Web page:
Britain did not fully back Bashir ICC indictment

February 6, 2011 12:00 am

, NAIROBI, Kenya, Feb 6 – Newly leaked US diplomatic cables show that the British government did not fully back the indictment of Sudanese president Omar al-Bashir by the international Criminal Court.

The cables released last week listing correspondence between the US embassy in London and Washington show that Her Majesty\’s Government (HMG) did not espouse a hard-line approach in support of the ICC, even though it pressed the Government of Sudan (GoS) to cooperate with the ICC.

"Although HMG will not acknowledge it publicly, the UK is doing everything it can to remain flexible on the ICC and to use Bashir\’s potential indictment as a lever to change the dynamic on the Darfur political process and to spur CPA (Comprehensive Peace Agreement) implementation," the cable states.

It was also agreed that CPA should be central to HMG policy and that Prime Minister Gordon Brown\’s offer to help in the Darfur political talks should remain on the table, but not be an active element of the UK\’s policy. "Supporting the newly appointed UN/AU Chief Mediator and encouraging civil society integration in the process will be the main focus of the UK\’s policy for Darfur."

The cables reveal how Mr Bashir remained "surprisingly calm" in the face of the indictment and that his government had agreed to engage the ICC; work for a rapid broad-based solution to the conflict in Darfur, including establishment of a Truth and Reconciliation Commission; and to work for a united position with other political parties to promote national reconciliation and help turn the indictment into something positive.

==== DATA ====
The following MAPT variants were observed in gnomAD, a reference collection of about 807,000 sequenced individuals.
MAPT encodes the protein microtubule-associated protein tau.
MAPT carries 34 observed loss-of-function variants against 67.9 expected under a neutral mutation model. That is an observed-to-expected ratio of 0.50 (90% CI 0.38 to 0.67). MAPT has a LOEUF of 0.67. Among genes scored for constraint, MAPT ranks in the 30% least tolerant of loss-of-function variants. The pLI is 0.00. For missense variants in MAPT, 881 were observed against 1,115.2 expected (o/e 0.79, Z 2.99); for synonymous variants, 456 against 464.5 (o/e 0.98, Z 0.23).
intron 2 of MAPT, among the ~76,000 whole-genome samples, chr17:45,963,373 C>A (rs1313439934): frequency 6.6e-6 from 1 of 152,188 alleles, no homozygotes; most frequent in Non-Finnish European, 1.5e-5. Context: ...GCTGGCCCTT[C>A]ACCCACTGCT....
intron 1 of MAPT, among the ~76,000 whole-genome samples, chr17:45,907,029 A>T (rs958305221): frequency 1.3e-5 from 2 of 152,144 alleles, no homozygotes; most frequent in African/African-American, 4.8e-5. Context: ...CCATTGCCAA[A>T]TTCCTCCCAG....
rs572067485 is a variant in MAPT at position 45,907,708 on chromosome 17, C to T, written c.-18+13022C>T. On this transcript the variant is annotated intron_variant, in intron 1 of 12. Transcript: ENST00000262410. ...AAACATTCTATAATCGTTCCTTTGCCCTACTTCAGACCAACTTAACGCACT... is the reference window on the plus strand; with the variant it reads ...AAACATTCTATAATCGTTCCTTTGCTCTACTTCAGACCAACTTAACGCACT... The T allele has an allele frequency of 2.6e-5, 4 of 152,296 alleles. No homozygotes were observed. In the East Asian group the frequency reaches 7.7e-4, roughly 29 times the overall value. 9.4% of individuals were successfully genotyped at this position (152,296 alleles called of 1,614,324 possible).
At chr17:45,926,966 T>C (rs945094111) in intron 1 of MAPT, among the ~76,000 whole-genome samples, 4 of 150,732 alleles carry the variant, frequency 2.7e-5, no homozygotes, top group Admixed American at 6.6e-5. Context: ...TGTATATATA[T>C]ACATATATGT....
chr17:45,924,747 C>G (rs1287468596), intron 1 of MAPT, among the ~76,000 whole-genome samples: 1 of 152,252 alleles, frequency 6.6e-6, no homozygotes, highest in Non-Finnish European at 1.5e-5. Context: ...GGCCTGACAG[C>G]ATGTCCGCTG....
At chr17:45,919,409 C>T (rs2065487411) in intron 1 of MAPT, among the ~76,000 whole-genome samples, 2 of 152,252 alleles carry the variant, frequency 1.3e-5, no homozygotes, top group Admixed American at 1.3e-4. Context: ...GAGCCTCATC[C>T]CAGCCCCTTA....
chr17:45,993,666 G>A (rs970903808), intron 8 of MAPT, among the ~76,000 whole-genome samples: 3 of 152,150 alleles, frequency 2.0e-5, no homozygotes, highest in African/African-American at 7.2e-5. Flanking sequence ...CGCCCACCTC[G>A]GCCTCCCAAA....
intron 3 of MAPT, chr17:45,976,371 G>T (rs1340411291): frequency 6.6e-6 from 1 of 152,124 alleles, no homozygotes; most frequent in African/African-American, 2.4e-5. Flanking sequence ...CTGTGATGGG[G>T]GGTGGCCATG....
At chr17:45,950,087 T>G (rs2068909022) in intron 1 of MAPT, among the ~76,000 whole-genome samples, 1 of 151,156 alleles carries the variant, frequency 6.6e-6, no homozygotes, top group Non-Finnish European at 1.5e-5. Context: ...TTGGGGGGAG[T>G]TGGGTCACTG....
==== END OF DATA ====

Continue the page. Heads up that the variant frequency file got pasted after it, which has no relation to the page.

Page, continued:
First Vice President Salva Kiir reportedly agreed that the Sudan Peoples\’ Liberation Movement would remain in the Government of National Unity and work to address the crisis caused by the ICC announcement of Mr Bashir\’s indictment.

"The two parties agreed to establish a joint crisis management  committee, chaired by Kiir and to include Second Vice President (Osman) Taha, Foreign Minister Deng Alor, and the Ministers of Justice and Information," the cables state.

The UK Foreign Secretary at the time David Miliband made a whirlwind trip of less than 24 hours to Sudan on July 9, 2008 where he discussed the CPA, Darfur, Sudan-Chad relations, and the 2011 referendum on the self determination of the South.

"His meetings included calls on President Bashir, Foreign Secretary Deng Alor, Senior President Advisor Nafie Ali Nafie, and National Security and Intelligence Director Salah al Gosh."

The meeting between Mr Miliband and Mr Bashir was described as "largely constructive and cordial."

"Miliband privately raised the ICC with Bashir in a one-on-one meeting to communicate the urgency for the GoS to engage the ICC, encouraging Bashir not to turn his back on the international community."

The cables instructively add: "As an architect of the ICC and one of its most staunch supporters, HMG is in a difficult position over the ICC\’s potential indictment of Bashir, which it sees as unhelpful.  Although there is no clear end-game in mind, HMG seems happy to walk the fine line of pushing GoS engagement with the ICC while also looking to make Bashir\’s potential indictment the element that changes the dynamics on Darfur and encourages CPA implementation."

It concludes: "HMG\’s public message on the ICC will likely remain supportive, while the UK will likely pursue a more flexible policy at the UN and in its dialogue with Khartoum."

Subsequent cables say that after calls by Chinese and Russian permanent representatives in New York to suspend the ICC investigations on the indictment of Sudanese President Bashir and other regime higher-up, the Foreign Office decided to remain flexible on its strong support for the ICC.

"Among UK officials, there is growing scepticism that a Bashir indictment will actually be an \’apocalyptic event,\’ even if it could cause drastic damage to the UK\’s current policy of engagement with Bashir\’s regime in Khartoum," the cables say.

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